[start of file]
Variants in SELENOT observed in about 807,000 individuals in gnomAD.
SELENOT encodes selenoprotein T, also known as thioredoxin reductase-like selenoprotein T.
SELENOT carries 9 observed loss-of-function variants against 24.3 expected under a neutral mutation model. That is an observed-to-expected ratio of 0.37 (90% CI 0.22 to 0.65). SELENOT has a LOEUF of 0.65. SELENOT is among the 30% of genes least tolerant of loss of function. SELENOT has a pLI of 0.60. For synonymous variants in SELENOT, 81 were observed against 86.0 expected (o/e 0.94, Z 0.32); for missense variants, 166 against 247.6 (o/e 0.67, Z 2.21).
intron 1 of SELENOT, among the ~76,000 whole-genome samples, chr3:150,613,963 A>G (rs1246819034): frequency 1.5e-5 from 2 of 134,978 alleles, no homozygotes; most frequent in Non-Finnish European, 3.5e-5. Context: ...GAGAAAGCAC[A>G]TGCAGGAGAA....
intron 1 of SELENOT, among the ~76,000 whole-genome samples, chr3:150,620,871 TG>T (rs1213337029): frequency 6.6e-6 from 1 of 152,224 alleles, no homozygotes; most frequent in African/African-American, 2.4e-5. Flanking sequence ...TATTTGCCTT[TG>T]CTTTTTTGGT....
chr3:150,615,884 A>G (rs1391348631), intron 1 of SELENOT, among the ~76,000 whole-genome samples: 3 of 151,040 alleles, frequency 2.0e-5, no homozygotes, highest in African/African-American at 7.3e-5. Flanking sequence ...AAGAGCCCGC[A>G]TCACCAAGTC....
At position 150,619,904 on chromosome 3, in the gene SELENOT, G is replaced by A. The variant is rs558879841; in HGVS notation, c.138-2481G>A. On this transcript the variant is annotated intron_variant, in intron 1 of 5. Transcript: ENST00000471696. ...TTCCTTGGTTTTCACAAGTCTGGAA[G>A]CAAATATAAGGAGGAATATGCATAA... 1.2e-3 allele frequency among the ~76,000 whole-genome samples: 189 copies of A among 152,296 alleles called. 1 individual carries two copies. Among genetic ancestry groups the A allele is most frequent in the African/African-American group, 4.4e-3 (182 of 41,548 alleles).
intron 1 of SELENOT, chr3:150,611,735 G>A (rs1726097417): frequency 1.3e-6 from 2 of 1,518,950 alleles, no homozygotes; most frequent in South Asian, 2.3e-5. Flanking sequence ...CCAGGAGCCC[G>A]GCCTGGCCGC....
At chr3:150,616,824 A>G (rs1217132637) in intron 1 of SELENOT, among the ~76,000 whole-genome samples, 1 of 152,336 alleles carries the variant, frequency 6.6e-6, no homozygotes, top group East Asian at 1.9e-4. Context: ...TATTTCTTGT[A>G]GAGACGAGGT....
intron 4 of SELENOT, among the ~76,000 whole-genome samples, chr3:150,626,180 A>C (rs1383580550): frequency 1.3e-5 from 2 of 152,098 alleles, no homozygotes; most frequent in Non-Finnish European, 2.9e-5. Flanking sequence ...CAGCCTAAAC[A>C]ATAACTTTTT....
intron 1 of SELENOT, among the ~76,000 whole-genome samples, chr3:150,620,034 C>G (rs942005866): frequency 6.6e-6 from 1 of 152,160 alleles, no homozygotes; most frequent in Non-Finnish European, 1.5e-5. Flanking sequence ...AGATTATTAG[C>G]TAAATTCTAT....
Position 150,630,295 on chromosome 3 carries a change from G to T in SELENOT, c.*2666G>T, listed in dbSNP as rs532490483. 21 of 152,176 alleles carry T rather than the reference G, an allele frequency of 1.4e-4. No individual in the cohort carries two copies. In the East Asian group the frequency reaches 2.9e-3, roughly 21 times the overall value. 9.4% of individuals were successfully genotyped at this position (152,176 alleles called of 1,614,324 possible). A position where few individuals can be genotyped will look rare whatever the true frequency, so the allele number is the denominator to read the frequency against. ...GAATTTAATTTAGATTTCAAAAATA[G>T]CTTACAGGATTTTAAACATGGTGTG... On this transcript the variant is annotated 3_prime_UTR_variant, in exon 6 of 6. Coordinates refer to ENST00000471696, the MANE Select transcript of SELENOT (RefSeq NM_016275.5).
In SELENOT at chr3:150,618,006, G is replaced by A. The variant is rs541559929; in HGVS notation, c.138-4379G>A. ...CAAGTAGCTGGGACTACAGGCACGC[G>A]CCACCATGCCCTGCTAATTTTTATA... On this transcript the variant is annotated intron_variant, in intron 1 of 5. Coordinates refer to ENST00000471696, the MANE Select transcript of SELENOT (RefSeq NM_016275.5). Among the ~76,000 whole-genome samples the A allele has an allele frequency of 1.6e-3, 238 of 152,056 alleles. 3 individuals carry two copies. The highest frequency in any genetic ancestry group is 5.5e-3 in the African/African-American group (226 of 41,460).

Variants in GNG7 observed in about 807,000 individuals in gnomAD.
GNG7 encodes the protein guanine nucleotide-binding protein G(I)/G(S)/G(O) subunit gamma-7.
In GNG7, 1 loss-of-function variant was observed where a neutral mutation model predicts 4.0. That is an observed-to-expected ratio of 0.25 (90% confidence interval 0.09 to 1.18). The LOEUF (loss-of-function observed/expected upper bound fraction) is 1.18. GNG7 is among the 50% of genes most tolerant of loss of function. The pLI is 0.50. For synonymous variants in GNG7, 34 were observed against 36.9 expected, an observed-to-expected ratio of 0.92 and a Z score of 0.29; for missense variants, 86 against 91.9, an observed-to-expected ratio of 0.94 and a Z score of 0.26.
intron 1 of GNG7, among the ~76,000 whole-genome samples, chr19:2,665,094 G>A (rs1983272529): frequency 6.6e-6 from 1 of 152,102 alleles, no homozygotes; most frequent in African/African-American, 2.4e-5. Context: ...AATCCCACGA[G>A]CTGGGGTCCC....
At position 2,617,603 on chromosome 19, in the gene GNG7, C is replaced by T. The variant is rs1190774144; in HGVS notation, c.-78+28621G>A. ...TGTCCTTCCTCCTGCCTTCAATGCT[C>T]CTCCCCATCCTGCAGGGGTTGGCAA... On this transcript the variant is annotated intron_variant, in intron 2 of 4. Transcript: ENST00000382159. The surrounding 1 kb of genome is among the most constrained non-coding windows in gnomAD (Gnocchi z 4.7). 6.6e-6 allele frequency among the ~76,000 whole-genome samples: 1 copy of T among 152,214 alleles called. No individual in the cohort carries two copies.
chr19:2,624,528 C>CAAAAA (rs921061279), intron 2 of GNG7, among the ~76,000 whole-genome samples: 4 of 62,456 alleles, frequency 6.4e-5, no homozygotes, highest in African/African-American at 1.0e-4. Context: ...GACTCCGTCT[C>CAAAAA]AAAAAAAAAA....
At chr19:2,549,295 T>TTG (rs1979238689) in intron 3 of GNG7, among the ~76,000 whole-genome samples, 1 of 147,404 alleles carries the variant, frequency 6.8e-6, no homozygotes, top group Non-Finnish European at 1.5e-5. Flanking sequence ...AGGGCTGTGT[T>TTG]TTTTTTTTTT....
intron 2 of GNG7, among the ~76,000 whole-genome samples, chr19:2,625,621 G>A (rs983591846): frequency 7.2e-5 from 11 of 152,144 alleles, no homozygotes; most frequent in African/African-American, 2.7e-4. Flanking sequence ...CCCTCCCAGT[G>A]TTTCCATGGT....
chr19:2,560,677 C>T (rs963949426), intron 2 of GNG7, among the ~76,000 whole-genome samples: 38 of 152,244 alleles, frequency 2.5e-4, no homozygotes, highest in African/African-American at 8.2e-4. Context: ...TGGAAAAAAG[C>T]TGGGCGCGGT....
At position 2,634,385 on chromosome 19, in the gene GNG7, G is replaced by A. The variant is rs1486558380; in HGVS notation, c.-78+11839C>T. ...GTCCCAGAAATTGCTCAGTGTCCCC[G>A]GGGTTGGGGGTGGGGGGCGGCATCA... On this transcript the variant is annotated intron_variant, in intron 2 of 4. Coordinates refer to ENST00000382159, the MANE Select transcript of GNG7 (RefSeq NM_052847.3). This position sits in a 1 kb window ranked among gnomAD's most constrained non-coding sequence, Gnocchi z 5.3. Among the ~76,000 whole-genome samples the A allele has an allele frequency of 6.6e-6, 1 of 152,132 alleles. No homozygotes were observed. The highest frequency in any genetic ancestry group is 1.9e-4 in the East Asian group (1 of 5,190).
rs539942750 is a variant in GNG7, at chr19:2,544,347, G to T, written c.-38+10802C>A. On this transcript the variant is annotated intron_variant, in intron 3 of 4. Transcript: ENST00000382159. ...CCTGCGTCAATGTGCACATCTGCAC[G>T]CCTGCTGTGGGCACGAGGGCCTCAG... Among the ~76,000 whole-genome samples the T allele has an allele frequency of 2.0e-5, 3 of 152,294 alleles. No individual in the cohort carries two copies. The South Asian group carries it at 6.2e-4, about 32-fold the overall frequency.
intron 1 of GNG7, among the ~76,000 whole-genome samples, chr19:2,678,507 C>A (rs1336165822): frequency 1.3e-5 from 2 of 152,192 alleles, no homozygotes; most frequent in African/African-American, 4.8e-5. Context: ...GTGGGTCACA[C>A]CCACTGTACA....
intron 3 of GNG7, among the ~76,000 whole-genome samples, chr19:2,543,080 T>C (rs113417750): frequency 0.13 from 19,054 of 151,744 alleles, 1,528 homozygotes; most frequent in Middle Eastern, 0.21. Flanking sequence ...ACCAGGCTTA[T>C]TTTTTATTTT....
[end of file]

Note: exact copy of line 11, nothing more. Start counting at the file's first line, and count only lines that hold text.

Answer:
intron 1 of SELENOT, among the ~76,000 whole-genome samples, chr3:150,620,034 C>G (rs942005866): frequency 6.6e-6 from 1 of 152,160 alleles, no homozygotes; most frequent in Non-Finnish European, 1.5e-5. Flanking sequence ...AGATTATTAG[C>G]TAAATTCTAT....